This weekend we individually and collectively stop to remember our own mothers and all who bear the privilege and responsibility of motherhood. Prayers are offered, gifts are purchased, flowers are delivered, meals are shared. These are nice touches for a demanding, all-consuming task.
I can remember the days of homemade gifts and corsages — accepted and worn proudly by my mother. I remember my siblings and I “chipping together” to purchase a gift. I remember the cards purchased and the personal notes written. This will be the 8th Mother’s Day without my mother, my mom present with me here on earth. Oh how I remember her, miss, her — and think of all the things she did for me, who she was, and what she still means to me. I pray through her intercession, I call on her for help.
After many years of pastoring — and after a few years of working in the legal system — I know that it takes so much more than giving birth to be a “real” mother. Sure, giving biological birth — adopting a child — raising a child —- might all qualify technically for being a mother —– to really be a mother, takes so much more.
To be a mother requires getting beneath the skin and into the heart — mother’s feel — they feel joy and sorrow — they feel relief and fear — they feel hope and doubt. Being a mother means that you feel for your children even if you have no idea what they are into. Mothers might want to quit — but they don’t. To be a mother — means you might just have to be a little crazy. Mothers just do not dis-connect.
There are lots of things about mothers and shepherds that are alike.
Pope Francis has told bishops, priests — anyone who wants to minister — that they have to be with their sheep — they actually need to smell like the sheep.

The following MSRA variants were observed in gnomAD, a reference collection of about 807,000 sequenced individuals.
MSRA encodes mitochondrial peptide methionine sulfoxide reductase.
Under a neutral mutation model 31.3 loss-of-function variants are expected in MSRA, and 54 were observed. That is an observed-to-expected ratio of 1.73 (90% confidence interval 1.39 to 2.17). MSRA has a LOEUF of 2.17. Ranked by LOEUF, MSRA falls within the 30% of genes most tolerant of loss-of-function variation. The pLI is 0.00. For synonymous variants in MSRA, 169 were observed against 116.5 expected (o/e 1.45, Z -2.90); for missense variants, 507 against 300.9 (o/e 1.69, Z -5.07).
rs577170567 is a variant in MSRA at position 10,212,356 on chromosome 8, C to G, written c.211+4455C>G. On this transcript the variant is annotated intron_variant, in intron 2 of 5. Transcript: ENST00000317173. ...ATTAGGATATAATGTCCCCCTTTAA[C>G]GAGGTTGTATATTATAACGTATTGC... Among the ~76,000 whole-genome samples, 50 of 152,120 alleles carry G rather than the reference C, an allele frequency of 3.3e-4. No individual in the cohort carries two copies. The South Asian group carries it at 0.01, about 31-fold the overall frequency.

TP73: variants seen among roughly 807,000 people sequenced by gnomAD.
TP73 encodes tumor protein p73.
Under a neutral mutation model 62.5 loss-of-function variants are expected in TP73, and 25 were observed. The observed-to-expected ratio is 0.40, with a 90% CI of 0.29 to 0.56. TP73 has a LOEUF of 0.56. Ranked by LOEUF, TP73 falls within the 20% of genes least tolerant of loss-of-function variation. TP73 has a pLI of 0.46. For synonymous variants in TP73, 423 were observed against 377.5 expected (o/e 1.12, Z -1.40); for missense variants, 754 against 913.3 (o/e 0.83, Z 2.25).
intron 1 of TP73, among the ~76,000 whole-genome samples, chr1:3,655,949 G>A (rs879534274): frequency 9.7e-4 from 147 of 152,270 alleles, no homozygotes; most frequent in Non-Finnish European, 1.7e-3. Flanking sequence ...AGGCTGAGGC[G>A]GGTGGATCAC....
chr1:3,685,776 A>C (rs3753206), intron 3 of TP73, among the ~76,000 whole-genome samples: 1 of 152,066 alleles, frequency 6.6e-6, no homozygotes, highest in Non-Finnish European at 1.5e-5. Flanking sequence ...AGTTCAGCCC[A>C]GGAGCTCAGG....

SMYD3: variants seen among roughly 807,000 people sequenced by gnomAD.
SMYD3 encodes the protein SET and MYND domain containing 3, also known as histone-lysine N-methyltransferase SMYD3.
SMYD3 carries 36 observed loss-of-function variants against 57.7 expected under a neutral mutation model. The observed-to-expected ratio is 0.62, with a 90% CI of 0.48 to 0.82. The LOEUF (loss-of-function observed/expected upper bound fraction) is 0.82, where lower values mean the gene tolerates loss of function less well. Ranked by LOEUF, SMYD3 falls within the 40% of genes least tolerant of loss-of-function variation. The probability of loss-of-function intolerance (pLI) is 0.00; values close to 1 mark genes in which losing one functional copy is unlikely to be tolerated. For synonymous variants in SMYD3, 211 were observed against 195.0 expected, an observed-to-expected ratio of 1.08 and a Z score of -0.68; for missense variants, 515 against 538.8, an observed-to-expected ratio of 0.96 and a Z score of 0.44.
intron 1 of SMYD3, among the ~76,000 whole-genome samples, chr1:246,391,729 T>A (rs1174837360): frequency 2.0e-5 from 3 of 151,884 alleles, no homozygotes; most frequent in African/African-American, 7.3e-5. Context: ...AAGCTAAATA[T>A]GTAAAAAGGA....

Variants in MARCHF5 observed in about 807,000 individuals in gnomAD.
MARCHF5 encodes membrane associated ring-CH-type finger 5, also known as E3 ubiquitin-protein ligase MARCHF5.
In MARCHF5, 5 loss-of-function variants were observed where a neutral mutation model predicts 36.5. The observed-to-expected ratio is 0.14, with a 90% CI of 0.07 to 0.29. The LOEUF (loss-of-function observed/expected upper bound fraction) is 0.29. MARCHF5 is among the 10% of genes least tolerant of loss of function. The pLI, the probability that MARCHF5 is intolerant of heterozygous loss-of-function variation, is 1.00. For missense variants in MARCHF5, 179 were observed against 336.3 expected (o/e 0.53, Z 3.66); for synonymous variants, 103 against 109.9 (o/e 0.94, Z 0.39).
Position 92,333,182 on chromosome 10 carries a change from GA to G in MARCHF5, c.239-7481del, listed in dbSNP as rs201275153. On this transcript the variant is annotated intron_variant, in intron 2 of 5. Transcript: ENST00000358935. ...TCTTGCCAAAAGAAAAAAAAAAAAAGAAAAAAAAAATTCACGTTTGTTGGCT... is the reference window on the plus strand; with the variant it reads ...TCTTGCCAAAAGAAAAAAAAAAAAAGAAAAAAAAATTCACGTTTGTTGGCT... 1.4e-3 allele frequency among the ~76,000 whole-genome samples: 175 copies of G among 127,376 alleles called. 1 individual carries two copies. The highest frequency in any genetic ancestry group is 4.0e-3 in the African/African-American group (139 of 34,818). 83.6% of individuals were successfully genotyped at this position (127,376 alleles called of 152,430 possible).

A mother can never forget her child — a real shepherd’s mind is never far from the sheep. To be a pastor — a shepherd — a man or a woman — has to decide that he/she will do whatever it takes to make sure the sheep are fed, cared for, sheered, safe — they literally protect and serve.
Walk into any store — look around — it is easy to identify those who are there to serve customers and those that are there because they want a job and a paycheck. Look around the store — it is easy to tell if those who work there care about the building and about those who walk in — and those who check-in and check-out without being able to tell you anything about those who were in the store that day.
There is a vast difference between doing some good deeds and helping some people — and being a shepherd. There is a vast difference between dropping a child off at school, picking them up, and making sure there is food on the table —– and being a real mother, a mom who cares.
Mothers cry real tears. Shepherds sweat. Mothers listen — and so do shepherds. Mothers practice what they teach —- shepherds walk the talk. Mothers and shepherds never really know when “enough is enough.” Mothers hug —- shepherds embrace.
Children need mothers — our churches need pastors, shepherds. Before one becomes a mother —- before one becomes a pastor — serious thought ought to be given. Once the child is born — and once one begins ministry — the seriousness of the task can never be forgotten.
A newborn child quickly responds to sound. Early on, the child recognizes the sound of his mother’s voice. Shortly thereafter, the child can distinguish between the voice of a mother, a sibling, a man, a stranger.
In today’s Church, the faithful are wiser and jaded. Church-goers distinguish between those who dress like a shepherd and those who know THE SHEPHERD and are a shepherd. Folks in the pew know who “play dress up for church” and those who live and breathe the life of a shepherd.
A healthy community is filled with loving, caring, dedicated mothers who sacrifice for their children. A healthy Church is served by men and women who love, care, and are dedicated to the people.